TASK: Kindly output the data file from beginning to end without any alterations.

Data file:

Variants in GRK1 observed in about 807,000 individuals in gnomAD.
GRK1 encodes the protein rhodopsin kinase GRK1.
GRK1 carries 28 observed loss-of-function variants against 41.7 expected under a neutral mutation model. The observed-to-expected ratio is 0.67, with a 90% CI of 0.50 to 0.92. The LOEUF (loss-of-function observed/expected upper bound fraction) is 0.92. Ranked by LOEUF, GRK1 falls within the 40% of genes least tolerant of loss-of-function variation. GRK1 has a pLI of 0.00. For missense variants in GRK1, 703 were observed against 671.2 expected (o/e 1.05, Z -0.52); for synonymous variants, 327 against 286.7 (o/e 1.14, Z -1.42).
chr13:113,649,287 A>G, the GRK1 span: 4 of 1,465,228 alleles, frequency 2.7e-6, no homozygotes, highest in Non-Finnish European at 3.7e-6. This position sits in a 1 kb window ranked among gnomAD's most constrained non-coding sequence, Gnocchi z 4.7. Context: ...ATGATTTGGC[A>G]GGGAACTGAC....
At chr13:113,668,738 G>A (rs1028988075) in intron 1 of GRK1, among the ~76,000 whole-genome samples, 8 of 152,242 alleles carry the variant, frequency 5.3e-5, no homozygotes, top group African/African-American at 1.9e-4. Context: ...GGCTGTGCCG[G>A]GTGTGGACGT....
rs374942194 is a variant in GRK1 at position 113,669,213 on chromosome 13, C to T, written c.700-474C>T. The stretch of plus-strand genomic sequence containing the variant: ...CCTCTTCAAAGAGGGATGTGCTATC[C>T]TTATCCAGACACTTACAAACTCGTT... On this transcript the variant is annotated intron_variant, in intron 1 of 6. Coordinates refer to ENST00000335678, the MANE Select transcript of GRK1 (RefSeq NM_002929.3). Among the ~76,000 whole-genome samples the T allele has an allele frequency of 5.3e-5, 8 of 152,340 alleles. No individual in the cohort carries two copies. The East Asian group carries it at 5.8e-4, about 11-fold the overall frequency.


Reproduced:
Variants in GRK1 observed in about 807,000 individuals in gnomAD.
GRK1 encodes the protein rhodopsin kinase GRK1.
GRK1 carries 28 observed loss-of-function variants against 41.7 expected under a neutral mutation model. The observed-to-expected ratio is 0.67, with a 90% CI of 0.50 to 0.92. The LOEUF (loss-of-function observed/expected upper bound fraction) is 0.92. Ranked by LOEUF, GRK1 falls within the 40% of genes least tolerant of loss-of-function variation. GRK1 has a pLI of 0.00. For missense variants in GRK1, 703 were observed against 671.2 expected (o/e 1.05, Z -0.52); for synonymous variants, 327 against 286.7 (o/e 1.14, Z -1.42).
chr13:113,649,287 A>G, the GRK1 span: 4 of 1,465,228 alleles, frequency 2.7e-6, no homozygotes, highest in Non-Finnish European at 3.7e-6. This position sits in a 1 kb window ranked among gnomAD's most constrained non-coding sequence, Gnocchi z 4.7. Context: ...ATGATTTGGC[A>G]GGGAACTGAC....
At chr13:113,668,738 G>A (rs1028988075) in intron 1 of GRK1, among the ~76,000 whole-genome samples, 8 of 152,242 alleles carry the variant, frequency 5.3e-5, no homozygotes, top group African/African-American at 1.9e-4. Context: ...GGCTGTGCCG[G>A]GTGTGGACGT....
rs374942194 is a variant in GRK1 at position 113,669,213 on chromosome 13, C to T, written c.700-474C>T. The stretch of plus-strand genomic sequence containing the variant: ...CCTCTTCAAAGAGGGATGTGCTATC[C>T]TTATCCAGACACTTACAAACTCGTT... On this transcript the variant is annotated intron_variant, in intron 1 of 6. Coordinates refer to ENST00000335678, the MANE Select transcript of GRK1 (RefSeq NM_002929.3). Among the ~76,000 whole-genome samples the T allele has an allele frequency of 5.3e-5, 8 of 152,340 alleles. No individual in the cohort carries two copies. The East Asian group carries it at 5.8e-4, about 11-fold the overall frequency.